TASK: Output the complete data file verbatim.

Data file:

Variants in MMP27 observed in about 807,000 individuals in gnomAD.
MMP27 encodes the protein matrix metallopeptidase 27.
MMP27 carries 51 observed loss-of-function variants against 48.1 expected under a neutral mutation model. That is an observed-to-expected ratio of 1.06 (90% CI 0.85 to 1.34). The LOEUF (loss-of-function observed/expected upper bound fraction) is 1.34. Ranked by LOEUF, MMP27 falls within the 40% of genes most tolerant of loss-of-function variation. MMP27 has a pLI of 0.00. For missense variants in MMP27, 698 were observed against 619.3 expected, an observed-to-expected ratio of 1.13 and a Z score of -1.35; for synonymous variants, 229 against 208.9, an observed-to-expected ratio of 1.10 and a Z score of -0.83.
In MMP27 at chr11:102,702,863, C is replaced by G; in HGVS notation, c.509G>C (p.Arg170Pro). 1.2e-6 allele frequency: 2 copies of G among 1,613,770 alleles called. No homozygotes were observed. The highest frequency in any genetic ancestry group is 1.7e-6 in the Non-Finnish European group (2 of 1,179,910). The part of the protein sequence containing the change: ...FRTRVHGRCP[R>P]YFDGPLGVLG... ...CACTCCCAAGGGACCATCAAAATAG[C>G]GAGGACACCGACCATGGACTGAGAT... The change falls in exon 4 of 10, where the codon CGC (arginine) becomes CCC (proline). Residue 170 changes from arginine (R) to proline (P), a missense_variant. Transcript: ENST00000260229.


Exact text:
Variants in MMP27 observed in about 807,000 individuals in gnomAD.
MMP27 encodes the protein matrix metallopeptidase 27.
MMP27 carries 51 observed loss-of-function variants against 48.1 expected under a neutral mutation model. That is an observed-to-expected ratio of 1.06 (90% CI 0.85 to 1.34). The LOEUF (loss-of-function observed/expected upper bound fraction) is 1.34. Ranked by LOEUF, MMP27 falls within the 40% of genes most tolerant of loss-of-function variation. MMP27 has a pLI of 0.00. For missense variants in MMP27, 698 were observed against 619.3 expected, an observed-to-expected ratio of 1.13 and a Z score of -1.35; for synonymous variants, 229 against 208.9, an observed-to-expected ratio of 1.10 and a Z score of -0.83.
In MMP27 at chr11:102,702,863, C is replaced by G; in HGVS notation, c.509G>C (p.Arg170Pro). 1.2e-6 allele frequency: 2 copies of G among 1,613,770 alleles called. No homozygotes were observed. The highest frequency in any genetic ancestry group is 1.7e-6 in the Non-Finnish European group (2 of 1,179,910). The part of the protein sequence containing the change: ...FRTRVHGRCP[R>P]YFDGPLGVLG... ...CACTCCCAAGGGACCATCAAAATAG[C>G]GAGGACACCGACCATGGACTGAGAT... The change falls in exon 4 of 10, where the codon CGC (arginine) becomes CCC (proline). Residue 170 changes from arginine (R) to proline (P), a missense_variant. Transcript: ENST00000260229.